King's Bench Division Information

From Wikipedia

King's Bench Division
Royal Coat of Arms of the United Kingdom (HM Government).svg
Royal Coat of Arms of the United Kingdom
Established1 November 1875
Jurisdiction England and Wales
Location Rolls Building, City of London, London
Appeals to Court of Appeal (civil matters)
Supreme Court (criminal matter)
Appeals from Crown Court
Magistrates' courts
Currently Victoria Sharp
Since23 June 2019
Currently James Dingemans
Since5 February 2020

The King's Bench Division (or Queen's Bench Division when the monarch is female) of the High Court of Justice deals with a wide range of common law cases and has supervisory responsibility over certain lower courts.

It hears appeals on points of law from magistrates' courts [a] and from the Crown Court. [b] These are known as appeals by way of case stated, since the questions of law are considered solely on the basis of the facts found and stated by the authority under review.

Specialised courts of the King's Bench Division include the Administrative Court, Technology and Construction Court, Commercial Court, and the Admiralty Court. The specialised judges and procedures of these courts are tailored to their type of business, but they are not essentially different from any other court of the King's Bench Division.

Appeals from the High Court in civil matters are made to the Court of Appeal (Civil Division); in criminal matters appeal from the Divisional Court is made only to the Supreme Court of the United Kingdom.

Administrative Court

The Administrative Court deals mainly with administrative law matters and exercises the High Court's supervisory jurisdiction over inferior courts and tribunals and other public bodies. [1] It is generally the appropriate legal forum where the validity (but, at least in principle, not the merits) of official decisions may be challenged. Generally, unless specific appeal processes are provided, the validity of any decision of a minister of the crown, inferior court, tribunal, local authority or other official body may be challenged by a judge with sufficient interest through the exercise of judicial review. A single judge first decides whether the matter is fit to bring to the Court (to filter out frivolous or unarguable cases) and, if so, the matter is allowed to go forward to a full judicial review hearing with one or more judges.

The Administrative Court may sit with a single judge or as a divisional court (i.e. with two or more judges). A divisional court of the Administrative Court usually consists of a Lord Justice of Appeal sitting with a judge of the High Court. Although the Administrative Court is within the King's Bench Division (reflecting the historical role of the Court of King's Bench in exercising judicial review), judges from the Chancery Division and the Family Division of the High Court are also assigned to sit.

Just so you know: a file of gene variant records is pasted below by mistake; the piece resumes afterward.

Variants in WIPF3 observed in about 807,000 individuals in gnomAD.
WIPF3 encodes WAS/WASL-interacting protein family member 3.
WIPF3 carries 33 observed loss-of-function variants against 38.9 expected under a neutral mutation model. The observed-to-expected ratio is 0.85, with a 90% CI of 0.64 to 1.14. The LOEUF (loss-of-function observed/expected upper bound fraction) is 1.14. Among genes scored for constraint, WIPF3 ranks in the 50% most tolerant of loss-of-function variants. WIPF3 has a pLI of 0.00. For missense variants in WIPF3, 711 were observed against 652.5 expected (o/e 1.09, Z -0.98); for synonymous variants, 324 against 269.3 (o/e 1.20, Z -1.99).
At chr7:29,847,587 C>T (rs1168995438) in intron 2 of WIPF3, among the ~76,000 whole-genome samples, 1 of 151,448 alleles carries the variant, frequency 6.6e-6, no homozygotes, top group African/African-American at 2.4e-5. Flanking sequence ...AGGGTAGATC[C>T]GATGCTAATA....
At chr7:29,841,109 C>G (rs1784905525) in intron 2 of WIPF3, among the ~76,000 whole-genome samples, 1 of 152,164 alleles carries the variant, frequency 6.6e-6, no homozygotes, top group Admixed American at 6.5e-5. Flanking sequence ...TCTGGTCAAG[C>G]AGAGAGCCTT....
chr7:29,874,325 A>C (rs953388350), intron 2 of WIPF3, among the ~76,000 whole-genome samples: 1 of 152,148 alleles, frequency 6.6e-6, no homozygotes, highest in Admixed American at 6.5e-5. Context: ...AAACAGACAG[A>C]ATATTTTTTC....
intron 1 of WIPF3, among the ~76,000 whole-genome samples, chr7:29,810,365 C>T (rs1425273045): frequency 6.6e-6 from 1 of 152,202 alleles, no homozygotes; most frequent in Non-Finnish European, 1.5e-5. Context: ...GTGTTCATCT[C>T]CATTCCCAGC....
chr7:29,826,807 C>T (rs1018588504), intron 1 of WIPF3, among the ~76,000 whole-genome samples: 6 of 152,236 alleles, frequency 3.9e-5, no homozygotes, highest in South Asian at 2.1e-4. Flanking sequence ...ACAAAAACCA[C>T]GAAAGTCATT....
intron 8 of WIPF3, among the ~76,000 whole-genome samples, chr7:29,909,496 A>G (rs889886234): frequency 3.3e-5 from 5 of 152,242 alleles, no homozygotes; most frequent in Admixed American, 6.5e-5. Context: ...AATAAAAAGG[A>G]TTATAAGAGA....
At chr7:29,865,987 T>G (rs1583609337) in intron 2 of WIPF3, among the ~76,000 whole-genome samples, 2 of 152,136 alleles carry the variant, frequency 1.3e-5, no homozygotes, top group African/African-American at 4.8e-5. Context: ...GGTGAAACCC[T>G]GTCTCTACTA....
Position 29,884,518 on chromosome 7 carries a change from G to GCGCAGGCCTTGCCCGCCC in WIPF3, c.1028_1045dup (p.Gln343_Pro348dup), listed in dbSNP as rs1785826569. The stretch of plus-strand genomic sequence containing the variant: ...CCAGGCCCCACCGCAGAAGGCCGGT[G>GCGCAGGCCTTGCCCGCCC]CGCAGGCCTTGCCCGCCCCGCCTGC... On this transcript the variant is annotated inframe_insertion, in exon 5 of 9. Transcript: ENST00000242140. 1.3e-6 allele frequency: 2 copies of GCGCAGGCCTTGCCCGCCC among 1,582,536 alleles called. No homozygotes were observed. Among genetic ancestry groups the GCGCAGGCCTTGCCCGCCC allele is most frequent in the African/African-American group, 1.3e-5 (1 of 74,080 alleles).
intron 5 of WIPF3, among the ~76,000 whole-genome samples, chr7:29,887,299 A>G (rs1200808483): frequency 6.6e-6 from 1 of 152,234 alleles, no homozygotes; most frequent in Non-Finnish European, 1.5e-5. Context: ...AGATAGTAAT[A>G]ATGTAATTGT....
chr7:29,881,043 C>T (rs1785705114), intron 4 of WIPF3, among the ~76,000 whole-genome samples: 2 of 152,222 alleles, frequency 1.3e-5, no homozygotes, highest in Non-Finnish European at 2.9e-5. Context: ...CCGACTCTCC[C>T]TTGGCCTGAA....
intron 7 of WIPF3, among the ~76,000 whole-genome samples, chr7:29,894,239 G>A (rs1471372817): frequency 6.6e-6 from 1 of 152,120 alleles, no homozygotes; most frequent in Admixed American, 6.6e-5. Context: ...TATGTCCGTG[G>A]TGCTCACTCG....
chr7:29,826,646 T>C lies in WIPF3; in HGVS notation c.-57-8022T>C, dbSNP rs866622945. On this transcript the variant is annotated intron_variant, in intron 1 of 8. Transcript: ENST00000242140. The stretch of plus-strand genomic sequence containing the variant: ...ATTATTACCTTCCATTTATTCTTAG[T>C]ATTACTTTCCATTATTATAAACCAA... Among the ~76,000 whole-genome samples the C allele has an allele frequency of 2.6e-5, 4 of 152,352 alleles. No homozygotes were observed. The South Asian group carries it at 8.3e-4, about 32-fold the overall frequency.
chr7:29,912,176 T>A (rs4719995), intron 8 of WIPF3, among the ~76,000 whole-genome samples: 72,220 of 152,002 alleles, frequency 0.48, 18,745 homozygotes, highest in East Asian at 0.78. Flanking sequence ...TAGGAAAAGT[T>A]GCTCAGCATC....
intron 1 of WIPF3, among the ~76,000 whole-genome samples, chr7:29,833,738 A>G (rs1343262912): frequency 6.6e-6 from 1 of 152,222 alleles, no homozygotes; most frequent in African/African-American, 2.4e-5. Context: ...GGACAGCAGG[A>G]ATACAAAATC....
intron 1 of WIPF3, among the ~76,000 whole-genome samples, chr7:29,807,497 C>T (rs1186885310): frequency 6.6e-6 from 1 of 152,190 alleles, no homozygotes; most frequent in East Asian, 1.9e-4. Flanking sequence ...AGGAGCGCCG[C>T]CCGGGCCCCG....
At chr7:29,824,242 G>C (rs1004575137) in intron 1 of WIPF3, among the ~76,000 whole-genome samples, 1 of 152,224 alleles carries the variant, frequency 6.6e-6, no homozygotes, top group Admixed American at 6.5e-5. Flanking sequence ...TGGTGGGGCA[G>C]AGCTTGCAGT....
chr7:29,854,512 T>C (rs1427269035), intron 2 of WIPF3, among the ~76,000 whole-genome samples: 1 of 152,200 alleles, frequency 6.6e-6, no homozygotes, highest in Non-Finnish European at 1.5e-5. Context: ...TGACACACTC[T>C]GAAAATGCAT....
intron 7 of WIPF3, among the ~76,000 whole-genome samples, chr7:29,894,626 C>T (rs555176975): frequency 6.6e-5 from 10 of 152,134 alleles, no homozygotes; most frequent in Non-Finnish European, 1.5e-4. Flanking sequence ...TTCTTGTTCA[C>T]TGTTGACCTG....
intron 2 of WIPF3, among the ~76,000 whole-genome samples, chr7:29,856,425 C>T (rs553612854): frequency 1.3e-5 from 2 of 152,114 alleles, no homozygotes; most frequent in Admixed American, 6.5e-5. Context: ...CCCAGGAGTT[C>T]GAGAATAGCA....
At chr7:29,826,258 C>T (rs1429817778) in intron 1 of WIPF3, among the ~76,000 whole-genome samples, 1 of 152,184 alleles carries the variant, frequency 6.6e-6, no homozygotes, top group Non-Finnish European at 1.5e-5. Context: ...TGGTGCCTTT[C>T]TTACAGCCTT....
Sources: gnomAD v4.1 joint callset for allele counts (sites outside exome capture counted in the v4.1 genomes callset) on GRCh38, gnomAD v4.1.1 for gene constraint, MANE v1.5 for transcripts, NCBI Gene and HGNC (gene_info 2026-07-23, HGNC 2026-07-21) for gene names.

Commercial Court

The Commercial Court is a major civil court in England and Wales that specialises on adjudicating domestic and international business disputes, with a particular emphasis on international trade, banking, insurance, and commodities. [2] [3]


The Commercial Court was set up in 1895 following demands from the City of London and the business community for a tribunal or court manned by judges with knowledge and experience of commercial disputes which could determine such disputes expeditiously and economically, thereby avoiding tediously long and expensive trials with verdicts given by judges or juries unfamiliar with business practices.

The commercial list was originally heard by two judges of the King's Bench Division with the appropriate knowledge and experience. As the work of the Court has expanded, eight judges now sit in the Court. [4]


The current work of the Commercial Court entails all aspects of commercial disputes, in the fields of banking and finance, disputes over contracts and business documents, import, export and transport, agency and management agreements, shipping, insurance and reinsurance, and commodities. The court is also the principal supervisory court for London arbitration, dealing with the granting of freezing and other relief in aid of arbitration, challenges to arbitration awards, and enforcement of awards. The Mercantile Court also can hear most of these cases. [5]

It is also a major centre for international disputes. Over 70% of the court's workload involves foreign parties where the only connection with the jurisdiction is the choice of English and Welsh law in a contract. [6]


Eight specialist judges sit in the Court at any one time. They are drawn from a list of those authorised due to their specialist knowledge and expertise. [7] The current Judge in Charge of the Commercial Court is Dame Sara Cockerill. [8]

Financial List

From October 2015, the Commercial Court and the Chancery Division have maintained the Financial List for cases which would benefit from being heard by judges with suitable expertise and experience in the financial markets or which raise issues of general importance to the financial markets. The procedure was introduced to enable fast, efficient and high quality dispute resolution of claims related to the financial markets. [9]